Home prices, sales still on downgrade

The Baltimore Sun

For anyone looking to buy or sell a home, last month was more of the same: Average sales prices in the Baltimore metro area continued to drop as the number of houses changing hands plummeted.

The average price in the area - Baltimore City and the counties of Anne Arundel, Baltimore, Carroll, Harford and Howard - was just under $320,000. That's down 3 percent from a year earlier, according to numbers released yesterday by Metropolitan Regional Information Systems Inc. It's also below the average two years earlier.

Sales fell 32 percent compared with a year earlier, the 11th-straight month of similar declines. Last year's switch from loose lending rules to tight ones has pummeled home sales since September.

Further tightening is coming: Mortgage financing giant Fannie Mae, reporting a $2.3 billion loss from April through June, said yesterday that it would raise fees and get out of the so-called "Alt-A" loan business entirely.

Fannie Mae, which buys many of the loans borrowers get, said an outsized share of its losses are coming from Alt-A mortgages, supposedly less risky than the subprime loans that have driven foreclosures skyward.

"The housing market has returned to earth fast and hard," Daniel H. Mudd, president and chief executive of Fannie Mae, told analysts in a conference call yesterday.

Though he saw some positive signs in hard-hit states such as Michigan and California, Mudd added: "We have a long way to go."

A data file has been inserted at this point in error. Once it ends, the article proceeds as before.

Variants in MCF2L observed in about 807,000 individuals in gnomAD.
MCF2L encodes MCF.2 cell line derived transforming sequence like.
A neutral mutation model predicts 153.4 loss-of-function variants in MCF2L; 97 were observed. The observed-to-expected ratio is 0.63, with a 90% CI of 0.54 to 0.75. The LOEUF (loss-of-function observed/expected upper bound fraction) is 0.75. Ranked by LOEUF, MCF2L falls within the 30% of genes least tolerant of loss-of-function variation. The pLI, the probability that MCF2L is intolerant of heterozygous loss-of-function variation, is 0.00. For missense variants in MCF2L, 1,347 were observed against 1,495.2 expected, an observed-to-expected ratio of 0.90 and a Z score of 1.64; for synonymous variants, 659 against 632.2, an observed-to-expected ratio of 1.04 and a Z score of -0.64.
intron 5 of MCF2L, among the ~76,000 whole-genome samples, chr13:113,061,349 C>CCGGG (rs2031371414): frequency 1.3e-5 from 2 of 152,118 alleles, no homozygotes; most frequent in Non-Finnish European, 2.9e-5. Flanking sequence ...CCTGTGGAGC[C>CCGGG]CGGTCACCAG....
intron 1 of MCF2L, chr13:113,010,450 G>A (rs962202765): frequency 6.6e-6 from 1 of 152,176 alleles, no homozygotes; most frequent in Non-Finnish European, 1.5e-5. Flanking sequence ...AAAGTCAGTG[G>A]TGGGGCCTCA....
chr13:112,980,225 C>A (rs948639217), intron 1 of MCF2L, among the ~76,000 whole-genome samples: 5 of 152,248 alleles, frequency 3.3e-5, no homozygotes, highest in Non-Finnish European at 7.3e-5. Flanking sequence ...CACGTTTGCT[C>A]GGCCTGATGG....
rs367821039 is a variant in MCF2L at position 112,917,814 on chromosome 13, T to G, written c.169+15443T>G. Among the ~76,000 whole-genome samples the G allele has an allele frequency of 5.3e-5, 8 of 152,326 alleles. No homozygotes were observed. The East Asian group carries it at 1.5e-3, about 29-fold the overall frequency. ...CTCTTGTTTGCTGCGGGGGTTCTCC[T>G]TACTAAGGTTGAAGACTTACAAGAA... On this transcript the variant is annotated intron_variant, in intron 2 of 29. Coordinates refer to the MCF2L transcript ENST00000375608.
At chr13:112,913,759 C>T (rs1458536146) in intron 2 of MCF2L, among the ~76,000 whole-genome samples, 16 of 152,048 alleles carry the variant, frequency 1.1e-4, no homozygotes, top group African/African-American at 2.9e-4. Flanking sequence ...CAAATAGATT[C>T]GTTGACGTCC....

The company expects that home prices will decline about 9 percent this year.

Andy Bauer, regional economist for the Federal Reserve Bank of Richmond's Baltimore office, said the housing figures he tracks are all trending downward. The Maryland homebuilders and contractors he talks with every month as part of a business sentiment survey are not feeling particularly hopeful about the near future, what with high energy costs worrying potential buyers on top of everything else.

"For the most part, everybody's very negative," Bauer said.

Metropolitan Regional Information Systems' home sales statistics are pulled from its multiple-listing service, used by real estate agents to sell homes. Most are resales rather than new construction.

MRIS said the number of unsold homes on the market continued to rise last month in the metro area, almost reaching 21,000. It would take nearly 11 months to find buyers for all those properties if the pace of sales in the past year continues. That's about twice as long as normal.

Would-be sellers seem to be holding back as a result. The number of homes on the market rose just 5 percent from a year ago, the smallest increase since sales began slumping in late 2005.

Carroll County had the biggest drop in average sales price in July - about 9 percent. But its 12 percent drop in sales was the area's smallest. The opposite was true of the city, which had the metro area's only price increase but the largest sales drop. Baltimore prices rose 3 percent while sales fell 39 percent.

Prices were down 7.2 percent in Anne Arundel, 4.1 percent in Baltimore County, 3.9 percent in Howard and 1.7 percent in Harford, MRIS said.

Belair-Edison Neighborhoods Inc., a Baltimore nonprofit that offers such services as homeownership counseling, says it's getting half to three-quarters as many people at its monthly homebuyer workshops as it did a year ago - 10 or 15 rather than 20.

Home sales in the Belair-Edison neighborhood are also about half the number they were a year ago, says Mary Warlow, the nonprofit's marketing director.

"I get the sense that people are just biding their time," Warlow said.


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